As part of plans to enhance the East African hub role of Nairobi Airport, Kenya Airways Group MD and CEO Sebastian Mikosz in Aug-2018 announced plans to enter a partnership agreement with the Kenya Airports Authority for the operation of Nairobi Jomo Kenyatta International Airport. Mr Mikosz said: “Investments in JKIA are critical for Kenya Airways. We want to follow all the procedures a public private partnership entails, and we are working on modalities of it now”. The airline is expected to take over the airport’s maintenance, catering, warehousing and ground handling staff.
LCC penetration rates in Africa remain relatively low 
LCCs accounted for only 12% of seat capacity within Africa in 2018, according to CAPA and OAG data. The LCC penetration rate to/from Africa is a larger 16%, but this is still a modest figure compared to the global average and consists almost entirely of services connecting North Africa with Europe
The LCC penetration rate in Africa has grown significantly over the past decade but from a very small base. There are still several major markets in Africa that have no – or virtually no – LCC presence.
This is particularly the case outside Egypt, Morocco and South Africa; these three countries account for more than 70% of Africa’s total LCC seat capacity.
By capacity, Ryanair is the largest LCC in Africa and accounts for 13% of total African LCC capacity. However, its African network is limited to just Morocco (where it has nine destinations).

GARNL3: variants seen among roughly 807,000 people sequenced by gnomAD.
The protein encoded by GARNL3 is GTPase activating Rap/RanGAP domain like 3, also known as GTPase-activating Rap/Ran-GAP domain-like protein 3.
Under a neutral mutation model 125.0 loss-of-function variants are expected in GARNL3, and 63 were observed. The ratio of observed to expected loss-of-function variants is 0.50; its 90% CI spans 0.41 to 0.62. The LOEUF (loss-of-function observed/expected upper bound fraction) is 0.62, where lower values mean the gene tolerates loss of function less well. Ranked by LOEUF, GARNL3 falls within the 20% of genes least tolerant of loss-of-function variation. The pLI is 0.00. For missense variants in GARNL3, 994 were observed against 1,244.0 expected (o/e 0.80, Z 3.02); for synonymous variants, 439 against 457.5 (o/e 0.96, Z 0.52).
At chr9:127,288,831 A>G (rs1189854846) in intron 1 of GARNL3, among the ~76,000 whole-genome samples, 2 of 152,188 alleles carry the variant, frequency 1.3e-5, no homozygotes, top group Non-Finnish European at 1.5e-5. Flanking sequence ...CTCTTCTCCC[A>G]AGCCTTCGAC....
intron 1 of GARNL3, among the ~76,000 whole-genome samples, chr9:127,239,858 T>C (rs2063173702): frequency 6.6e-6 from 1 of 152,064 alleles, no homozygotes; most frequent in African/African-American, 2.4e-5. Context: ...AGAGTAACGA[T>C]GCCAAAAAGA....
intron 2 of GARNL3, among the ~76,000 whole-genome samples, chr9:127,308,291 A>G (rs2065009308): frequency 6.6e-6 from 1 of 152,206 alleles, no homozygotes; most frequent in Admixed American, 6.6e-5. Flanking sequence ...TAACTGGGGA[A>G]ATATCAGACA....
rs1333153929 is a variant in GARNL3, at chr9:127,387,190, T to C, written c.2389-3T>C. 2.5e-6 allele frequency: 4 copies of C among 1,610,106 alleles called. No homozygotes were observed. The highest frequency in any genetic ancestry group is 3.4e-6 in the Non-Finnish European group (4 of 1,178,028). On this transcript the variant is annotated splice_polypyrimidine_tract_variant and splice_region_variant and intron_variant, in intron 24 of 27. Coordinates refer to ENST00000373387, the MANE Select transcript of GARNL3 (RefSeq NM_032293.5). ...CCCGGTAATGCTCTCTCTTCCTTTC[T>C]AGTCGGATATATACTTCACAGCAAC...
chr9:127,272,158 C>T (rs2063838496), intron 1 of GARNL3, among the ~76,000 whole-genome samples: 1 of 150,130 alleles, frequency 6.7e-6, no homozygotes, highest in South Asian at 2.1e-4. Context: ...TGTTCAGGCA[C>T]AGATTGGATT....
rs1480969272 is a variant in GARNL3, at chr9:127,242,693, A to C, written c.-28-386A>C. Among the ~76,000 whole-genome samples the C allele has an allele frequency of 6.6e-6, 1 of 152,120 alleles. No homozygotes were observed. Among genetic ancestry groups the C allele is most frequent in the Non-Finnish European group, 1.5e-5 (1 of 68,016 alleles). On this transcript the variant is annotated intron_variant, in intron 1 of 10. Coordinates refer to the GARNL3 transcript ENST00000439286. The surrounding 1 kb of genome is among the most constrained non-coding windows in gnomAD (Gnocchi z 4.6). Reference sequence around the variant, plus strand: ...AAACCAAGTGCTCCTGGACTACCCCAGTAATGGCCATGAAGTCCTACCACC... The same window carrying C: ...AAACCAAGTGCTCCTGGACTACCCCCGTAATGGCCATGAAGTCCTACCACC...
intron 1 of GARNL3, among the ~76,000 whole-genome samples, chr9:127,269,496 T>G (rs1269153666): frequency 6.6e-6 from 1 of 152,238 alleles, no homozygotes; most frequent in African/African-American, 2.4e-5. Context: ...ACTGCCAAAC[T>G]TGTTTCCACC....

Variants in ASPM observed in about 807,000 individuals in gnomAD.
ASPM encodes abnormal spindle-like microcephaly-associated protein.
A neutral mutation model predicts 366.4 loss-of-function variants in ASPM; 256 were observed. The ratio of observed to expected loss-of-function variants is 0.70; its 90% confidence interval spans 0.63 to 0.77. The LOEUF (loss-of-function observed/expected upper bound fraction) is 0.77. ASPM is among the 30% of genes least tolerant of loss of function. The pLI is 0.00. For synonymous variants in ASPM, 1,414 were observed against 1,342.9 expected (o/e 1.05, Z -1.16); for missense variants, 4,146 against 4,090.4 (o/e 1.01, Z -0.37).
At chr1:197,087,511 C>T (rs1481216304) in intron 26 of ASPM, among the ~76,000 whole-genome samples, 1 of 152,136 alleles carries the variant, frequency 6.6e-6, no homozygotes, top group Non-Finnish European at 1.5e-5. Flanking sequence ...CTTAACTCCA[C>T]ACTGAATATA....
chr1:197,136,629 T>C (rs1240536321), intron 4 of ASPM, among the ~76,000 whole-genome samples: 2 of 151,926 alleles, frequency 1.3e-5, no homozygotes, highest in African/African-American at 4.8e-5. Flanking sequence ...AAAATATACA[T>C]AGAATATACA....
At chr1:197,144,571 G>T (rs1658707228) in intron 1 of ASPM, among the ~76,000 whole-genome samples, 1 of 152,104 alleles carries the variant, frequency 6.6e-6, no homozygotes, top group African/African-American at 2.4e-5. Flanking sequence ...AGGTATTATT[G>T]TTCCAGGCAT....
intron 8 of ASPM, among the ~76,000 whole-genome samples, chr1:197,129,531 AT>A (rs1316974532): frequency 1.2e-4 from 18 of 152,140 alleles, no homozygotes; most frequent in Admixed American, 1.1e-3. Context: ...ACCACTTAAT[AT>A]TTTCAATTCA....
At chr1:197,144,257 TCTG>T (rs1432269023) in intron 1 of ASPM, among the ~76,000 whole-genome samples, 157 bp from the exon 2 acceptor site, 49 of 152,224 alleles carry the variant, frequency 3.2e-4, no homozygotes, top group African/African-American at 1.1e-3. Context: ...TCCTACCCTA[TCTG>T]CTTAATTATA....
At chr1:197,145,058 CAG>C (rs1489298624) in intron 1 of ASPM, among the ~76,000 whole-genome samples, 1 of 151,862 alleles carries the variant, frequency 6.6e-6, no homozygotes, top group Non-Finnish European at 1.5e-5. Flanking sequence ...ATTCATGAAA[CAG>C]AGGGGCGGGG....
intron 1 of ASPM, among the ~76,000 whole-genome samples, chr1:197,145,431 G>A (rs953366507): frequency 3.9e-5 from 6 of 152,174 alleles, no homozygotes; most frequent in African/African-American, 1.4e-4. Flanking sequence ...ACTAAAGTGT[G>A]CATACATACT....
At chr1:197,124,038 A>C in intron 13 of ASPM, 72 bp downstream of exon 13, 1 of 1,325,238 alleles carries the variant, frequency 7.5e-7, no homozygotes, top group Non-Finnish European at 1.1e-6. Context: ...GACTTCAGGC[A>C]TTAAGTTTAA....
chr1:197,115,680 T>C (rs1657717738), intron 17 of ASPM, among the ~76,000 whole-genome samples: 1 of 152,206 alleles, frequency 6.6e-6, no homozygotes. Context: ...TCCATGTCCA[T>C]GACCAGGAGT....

Three of the other top five LCCs in Africa are from South Africa and operate almost entirely in the South African domestic market – South African Airways’ LCC subsidiary Mango, the Comair budget brand Kulula, and the independent LCC FlySafair
Air Arabia Maroc (a subsidiary of UAE-based Air Arabia) is also among the top five but does not have any services within Africa. Air Arabia Maroc only serves the Morocco-Europe and domestic markets.
LCCs dominate the Morocco-Europe market, accounting for approximately two thirds of total capacity. LCCs have a strong share of the domestic South African market (approximately 60%) but are very weak in virtually all other African markets.
Intra-African LCC operations are difficult to sustain
In the largely nationalist and protectionist markets of much of Africa, establishing as an independent LCC is demonstrably challenging. Pan-Africa LCC group fastjet has struggled, and in Dec-2018 it was forced to suspend services in its original home market of Tanzania. fastjet operations began in 2012, with aspirations to launch affiliates in several African countries. It now only operates in Mozambique and Zimbabwe and accounts for a less than 3% share of total LCC capacity in Africa.